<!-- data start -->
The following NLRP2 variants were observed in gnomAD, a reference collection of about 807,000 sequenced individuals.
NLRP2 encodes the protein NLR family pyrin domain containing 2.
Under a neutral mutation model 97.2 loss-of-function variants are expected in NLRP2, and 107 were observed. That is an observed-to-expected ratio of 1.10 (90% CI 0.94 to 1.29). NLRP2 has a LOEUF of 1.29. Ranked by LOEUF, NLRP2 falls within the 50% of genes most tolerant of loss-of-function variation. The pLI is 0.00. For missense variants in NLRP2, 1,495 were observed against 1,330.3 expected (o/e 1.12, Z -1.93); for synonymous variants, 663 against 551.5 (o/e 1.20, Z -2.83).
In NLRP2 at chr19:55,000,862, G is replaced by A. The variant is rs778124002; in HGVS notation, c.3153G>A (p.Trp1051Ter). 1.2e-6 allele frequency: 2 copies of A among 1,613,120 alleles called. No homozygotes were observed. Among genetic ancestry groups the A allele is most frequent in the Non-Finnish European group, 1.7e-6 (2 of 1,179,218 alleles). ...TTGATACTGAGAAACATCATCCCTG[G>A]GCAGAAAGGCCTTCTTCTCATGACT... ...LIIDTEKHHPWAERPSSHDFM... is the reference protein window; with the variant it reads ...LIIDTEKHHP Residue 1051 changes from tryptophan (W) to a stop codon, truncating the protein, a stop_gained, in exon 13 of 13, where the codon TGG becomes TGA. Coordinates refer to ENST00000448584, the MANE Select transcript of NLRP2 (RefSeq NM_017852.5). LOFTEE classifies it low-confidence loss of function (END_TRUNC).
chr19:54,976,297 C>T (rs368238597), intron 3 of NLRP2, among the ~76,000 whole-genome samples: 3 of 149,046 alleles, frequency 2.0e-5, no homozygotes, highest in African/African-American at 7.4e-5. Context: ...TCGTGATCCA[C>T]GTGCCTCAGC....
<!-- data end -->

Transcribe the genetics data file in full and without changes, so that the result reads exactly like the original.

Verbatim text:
The following NLRP2 variants were observed in gnomAD, a reference collection of about 807,000 sequenced individuals.
NLRP2 encodes the protein NLR family pyrin domain containing 2.
Under a neutral mutation model 97.2 loss-of-function variants are expected in NLRP2, and 107 were observed. That is an observed-to-expected ratio of 1.10 (90% CI 0.94 to 1.29). NLRP2 has a LOEUF of 1.29. Ranked by LOEUF, NLRP2 falls within the 50% of genes most tolerant of loss-of-function variation. The pLI is 0.00. For missense variants in NLRP2, 1,495 were observed against 1,330.3 expected (o/e 1.12, Z -1.93); for synonymous variants, 663 against 551.5 (o/e 1.20, Z -2.83).
In NLRP2 at chr19:55,000,862, G is replaced by A. The variant is rs778124002; in HGVS notation, c.3153G>A (p.Trp1051Ter). 1.2e-6 allele frequency: 2 copies of A among 1,613,120 alleles called. No homozygotes were observed. Among genetic ancestry groups the A allele is most frequent in the Non-Finnish European group, 1.7e-6 (2 of 1,179,218 alleles). ...TTGATACTGAGAAACATCATCCCTG[G>A]GCAGAAAGGCCTTCTTCTCATGACT... ...LIIDTEKHHPWAERPSSHDFM... is the reference protein window; with the variant it reads ...LIIDTEKHHP Residue 1051 changes from tryptophan (W) to a stop codon, truncating the protein, a stop_gained, in exon 13 of 13, where the codon TGG becomes TGA. Coordinates refer to ENST00000448584, the MANE Select transcript of NLRP2 (RefSeq NM_017852.5). LOFTEE classifies it low-confidence loss of function (END_TRUNC).
chr19:54,976,297 C>T (rs368238597), intron 3 of NLRP2, among the ~76,000 whole-genome samples: 3 of 149,046 alleles, frequency 2.0e-5, no homozygotes, highest in African/African-American at 7.4e-5. Context: ...TCGTGATCCA[C>T]GTGCCTCAGC....